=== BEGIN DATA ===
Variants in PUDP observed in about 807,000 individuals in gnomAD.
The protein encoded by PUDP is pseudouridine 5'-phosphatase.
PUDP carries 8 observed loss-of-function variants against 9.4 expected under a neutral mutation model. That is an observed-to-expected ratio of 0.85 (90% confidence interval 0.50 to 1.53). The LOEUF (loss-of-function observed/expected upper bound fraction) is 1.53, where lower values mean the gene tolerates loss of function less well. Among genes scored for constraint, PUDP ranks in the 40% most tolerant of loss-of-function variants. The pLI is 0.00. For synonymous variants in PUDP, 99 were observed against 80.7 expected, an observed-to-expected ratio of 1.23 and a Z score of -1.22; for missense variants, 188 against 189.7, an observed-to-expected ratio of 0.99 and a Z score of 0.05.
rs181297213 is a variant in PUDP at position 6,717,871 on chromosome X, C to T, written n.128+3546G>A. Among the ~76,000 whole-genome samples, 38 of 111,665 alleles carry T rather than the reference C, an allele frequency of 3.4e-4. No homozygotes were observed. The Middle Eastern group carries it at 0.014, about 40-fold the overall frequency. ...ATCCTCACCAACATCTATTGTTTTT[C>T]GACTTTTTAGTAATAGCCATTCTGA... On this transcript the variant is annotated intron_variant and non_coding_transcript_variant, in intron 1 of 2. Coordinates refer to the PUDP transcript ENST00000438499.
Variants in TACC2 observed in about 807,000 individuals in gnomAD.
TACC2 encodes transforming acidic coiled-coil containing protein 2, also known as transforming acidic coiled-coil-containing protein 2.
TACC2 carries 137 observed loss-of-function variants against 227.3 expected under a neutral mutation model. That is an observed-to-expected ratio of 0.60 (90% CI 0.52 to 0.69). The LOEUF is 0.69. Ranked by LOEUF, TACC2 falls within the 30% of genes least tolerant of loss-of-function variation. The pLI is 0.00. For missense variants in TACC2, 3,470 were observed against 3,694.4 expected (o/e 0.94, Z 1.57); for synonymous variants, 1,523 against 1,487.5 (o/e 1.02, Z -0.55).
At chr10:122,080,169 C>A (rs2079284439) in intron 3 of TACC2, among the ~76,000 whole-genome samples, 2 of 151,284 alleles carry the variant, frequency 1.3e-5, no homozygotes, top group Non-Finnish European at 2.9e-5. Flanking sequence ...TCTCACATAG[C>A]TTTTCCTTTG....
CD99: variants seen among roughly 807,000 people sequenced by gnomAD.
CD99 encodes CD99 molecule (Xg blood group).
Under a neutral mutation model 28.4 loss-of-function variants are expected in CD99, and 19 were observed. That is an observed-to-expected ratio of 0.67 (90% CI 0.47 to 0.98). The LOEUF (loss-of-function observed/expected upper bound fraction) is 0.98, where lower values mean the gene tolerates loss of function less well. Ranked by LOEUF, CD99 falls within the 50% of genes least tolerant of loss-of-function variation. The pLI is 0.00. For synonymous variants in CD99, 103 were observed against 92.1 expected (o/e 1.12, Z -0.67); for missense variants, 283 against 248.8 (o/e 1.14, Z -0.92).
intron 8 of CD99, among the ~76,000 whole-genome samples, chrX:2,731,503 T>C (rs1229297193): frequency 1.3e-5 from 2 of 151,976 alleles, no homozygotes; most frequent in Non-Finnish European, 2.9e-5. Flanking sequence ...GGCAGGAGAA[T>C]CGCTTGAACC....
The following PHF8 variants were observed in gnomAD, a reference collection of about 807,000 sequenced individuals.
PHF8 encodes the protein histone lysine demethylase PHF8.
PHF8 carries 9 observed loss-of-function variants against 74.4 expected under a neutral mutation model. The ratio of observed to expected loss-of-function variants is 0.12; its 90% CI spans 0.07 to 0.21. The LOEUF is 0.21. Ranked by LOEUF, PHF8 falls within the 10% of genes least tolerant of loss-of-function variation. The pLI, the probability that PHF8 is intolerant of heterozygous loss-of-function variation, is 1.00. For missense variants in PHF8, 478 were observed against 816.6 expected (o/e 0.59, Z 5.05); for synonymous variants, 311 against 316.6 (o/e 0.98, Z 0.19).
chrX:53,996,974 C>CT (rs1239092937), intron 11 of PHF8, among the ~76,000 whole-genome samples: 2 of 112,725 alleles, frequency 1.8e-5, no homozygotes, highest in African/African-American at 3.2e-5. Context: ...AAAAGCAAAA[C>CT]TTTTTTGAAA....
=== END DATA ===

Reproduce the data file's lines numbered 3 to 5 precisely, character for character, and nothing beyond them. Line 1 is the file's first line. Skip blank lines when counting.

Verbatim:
PUDP carries 8 observed loss-of-function variants against 9.4 expected under a neutral mutation model. That is an observed-to-expected ratio of 0.85 (90% confidence interval 0.50 to 1.53). The LOEUF (loss-of-function observed/expected upper bound fraction) is 1.53, where lower values mean the gene tolerates loss of function less well. Among genes scored for constraint, PUDP ranks in the 40% most tolerant of loss-of-function variants. The pLI is 0.00. For synonymous variants in PUDP, 99 were observed against 80.7 expected, an observed-to-expected ratio of 1.23 and a Z score of -1.22; for missense variants, 188 against 189.7, an observed-to-expected ratio of 0.99 and a Z score of 0.05.
rs181297213 is a variant in PUDP at position 6,717,871 on chromosome X, C to T, written n.128+3546G>A. Among the ~76,000 whole-genome samples, 38 of 111,665 alleles carry T rather than the reference C, an allele frequency of 3.4e-4. No homozygotes were observed. The Middle Eastern group carries it at 0.014, about 40-fold the overall frequency. ...ATCCTCACCAACATCTATTGTTTTT[C>T]GACTTTTTAGTAATAGCCATTCTGA... On this transcript the variant is annotated intron_variant and non_coding_transcript_variant, in intron 1 of 2. Coordinates refer to the PUDP transcript ENST00000438499.
Variants in TACC2 observed in about 807,000 individuals in gnomAD.